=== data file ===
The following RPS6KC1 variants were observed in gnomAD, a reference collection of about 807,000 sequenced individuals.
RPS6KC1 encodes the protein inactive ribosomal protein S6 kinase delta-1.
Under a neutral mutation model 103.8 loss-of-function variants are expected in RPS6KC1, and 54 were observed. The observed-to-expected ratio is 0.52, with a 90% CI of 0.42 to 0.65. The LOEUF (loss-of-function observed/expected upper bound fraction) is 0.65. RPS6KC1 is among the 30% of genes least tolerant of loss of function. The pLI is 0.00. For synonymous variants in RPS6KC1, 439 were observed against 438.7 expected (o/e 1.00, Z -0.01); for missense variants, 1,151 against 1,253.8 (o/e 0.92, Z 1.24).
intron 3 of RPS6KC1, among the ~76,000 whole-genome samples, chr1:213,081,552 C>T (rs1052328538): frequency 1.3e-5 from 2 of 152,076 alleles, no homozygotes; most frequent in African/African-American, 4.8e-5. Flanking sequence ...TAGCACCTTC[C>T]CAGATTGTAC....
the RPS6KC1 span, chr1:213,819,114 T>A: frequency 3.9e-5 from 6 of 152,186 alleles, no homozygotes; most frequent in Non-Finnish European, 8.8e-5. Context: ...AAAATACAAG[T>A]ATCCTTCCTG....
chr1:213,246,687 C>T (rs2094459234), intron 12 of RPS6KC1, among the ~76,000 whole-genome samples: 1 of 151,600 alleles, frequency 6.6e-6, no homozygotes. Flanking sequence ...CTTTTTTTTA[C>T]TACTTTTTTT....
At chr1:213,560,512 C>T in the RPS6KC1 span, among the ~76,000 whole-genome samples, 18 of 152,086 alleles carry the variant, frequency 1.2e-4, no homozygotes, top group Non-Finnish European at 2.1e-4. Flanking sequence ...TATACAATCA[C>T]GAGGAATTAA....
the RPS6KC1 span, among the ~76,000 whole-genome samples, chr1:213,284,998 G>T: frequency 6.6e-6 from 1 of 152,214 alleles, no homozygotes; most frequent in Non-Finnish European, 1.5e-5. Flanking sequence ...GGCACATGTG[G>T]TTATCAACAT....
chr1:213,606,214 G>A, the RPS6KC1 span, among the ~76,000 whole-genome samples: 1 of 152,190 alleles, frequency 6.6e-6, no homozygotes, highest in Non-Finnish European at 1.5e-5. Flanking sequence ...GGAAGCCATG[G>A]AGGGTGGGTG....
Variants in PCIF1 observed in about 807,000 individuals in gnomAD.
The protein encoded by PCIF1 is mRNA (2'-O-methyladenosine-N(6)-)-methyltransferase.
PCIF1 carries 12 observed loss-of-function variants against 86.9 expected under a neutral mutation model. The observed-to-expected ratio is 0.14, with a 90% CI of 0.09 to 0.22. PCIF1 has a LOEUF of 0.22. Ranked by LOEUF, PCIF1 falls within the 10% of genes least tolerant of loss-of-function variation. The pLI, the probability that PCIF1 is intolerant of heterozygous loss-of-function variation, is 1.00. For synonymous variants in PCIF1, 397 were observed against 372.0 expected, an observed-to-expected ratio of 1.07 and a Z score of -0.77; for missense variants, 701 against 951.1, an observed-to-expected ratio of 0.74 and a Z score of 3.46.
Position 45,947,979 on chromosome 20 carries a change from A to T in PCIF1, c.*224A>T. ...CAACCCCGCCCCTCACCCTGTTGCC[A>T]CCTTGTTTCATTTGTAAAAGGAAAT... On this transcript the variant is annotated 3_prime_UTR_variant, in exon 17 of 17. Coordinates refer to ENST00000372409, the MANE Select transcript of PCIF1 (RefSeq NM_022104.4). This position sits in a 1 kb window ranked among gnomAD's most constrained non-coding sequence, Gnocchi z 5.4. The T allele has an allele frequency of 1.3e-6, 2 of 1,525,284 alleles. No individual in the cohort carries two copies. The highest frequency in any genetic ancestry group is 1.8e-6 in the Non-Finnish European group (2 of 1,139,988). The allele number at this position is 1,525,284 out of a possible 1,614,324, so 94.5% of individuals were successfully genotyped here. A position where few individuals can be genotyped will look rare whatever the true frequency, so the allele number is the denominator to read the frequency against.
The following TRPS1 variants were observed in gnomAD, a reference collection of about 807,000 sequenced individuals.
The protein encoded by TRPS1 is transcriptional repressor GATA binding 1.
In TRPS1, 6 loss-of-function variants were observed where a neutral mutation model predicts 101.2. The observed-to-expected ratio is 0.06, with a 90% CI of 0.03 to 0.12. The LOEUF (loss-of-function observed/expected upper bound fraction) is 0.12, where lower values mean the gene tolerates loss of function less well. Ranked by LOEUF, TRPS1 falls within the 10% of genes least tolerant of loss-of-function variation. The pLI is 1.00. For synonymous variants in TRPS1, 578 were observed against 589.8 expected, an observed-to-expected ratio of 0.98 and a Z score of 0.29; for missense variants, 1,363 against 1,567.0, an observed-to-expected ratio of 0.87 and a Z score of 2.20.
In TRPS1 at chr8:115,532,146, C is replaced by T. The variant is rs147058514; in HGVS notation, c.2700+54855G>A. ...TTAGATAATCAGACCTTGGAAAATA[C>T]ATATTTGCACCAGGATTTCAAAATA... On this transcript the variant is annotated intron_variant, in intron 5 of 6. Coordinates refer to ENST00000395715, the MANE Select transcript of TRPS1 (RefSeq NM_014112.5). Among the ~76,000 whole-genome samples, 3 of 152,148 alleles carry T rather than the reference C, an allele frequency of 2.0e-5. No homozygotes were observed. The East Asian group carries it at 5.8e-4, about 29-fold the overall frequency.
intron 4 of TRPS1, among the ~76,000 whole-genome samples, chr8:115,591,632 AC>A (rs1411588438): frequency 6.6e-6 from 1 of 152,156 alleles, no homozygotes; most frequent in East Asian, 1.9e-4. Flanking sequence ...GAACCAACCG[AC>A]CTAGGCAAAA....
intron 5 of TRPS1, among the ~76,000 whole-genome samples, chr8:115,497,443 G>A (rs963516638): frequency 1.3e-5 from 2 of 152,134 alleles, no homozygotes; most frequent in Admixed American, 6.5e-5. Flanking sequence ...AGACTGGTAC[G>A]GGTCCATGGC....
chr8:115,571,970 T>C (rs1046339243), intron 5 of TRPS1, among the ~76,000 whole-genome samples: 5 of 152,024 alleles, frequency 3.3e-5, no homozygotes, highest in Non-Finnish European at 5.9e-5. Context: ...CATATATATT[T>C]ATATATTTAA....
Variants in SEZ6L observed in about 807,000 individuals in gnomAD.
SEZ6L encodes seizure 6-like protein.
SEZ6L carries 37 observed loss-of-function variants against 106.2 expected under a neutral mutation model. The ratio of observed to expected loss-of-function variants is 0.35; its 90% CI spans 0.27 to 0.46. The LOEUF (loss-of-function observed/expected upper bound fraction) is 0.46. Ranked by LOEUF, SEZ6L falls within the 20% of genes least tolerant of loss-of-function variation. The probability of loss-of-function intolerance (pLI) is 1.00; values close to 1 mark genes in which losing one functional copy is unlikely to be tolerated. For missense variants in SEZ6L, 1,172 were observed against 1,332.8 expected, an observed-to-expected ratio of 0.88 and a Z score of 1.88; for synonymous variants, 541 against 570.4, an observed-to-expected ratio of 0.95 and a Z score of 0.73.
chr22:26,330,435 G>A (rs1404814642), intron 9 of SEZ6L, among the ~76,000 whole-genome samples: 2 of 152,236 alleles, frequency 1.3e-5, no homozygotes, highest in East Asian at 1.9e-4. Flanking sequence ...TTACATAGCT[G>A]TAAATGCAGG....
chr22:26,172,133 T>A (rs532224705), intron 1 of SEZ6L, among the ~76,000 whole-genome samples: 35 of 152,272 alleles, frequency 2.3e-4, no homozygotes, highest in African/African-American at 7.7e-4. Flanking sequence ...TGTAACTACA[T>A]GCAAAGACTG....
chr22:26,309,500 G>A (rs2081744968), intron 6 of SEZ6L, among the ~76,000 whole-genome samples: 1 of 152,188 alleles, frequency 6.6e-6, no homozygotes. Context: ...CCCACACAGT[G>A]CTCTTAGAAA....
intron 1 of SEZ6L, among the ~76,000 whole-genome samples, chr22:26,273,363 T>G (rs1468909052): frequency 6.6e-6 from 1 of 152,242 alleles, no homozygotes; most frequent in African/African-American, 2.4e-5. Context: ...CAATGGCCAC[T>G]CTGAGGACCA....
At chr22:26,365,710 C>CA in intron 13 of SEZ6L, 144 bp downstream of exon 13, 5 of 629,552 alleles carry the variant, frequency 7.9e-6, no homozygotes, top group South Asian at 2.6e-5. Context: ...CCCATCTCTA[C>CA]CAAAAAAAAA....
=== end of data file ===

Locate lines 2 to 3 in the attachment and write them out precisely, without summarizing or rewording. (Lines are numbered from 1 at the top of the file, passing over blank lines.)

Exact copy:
RPS6KC1 encodes the protein inactive ribosomal protein S6 kinase delta-1.
Under a neutral mutation model 103.8 loss-of-function variants are expected in RPS6KC1, and 54 were observed. The observed-to-expected ratio is 0.52, with a 90% CI of 0.42 to 0.65. The LOEUF (loss-of-function observed/expected upper bound fraction) is 0.65. RPS6KC1 is among the 30% of genes least tolerant of loss of function. The pLI is 0.00. For synonymous variants in RPS6KC1, 439 were observed against 438.7 expected (o/e 1.00, Z -0.01); for missense variants, 1,151 against 1,253.8 (o/e 0.92, Z 1.24).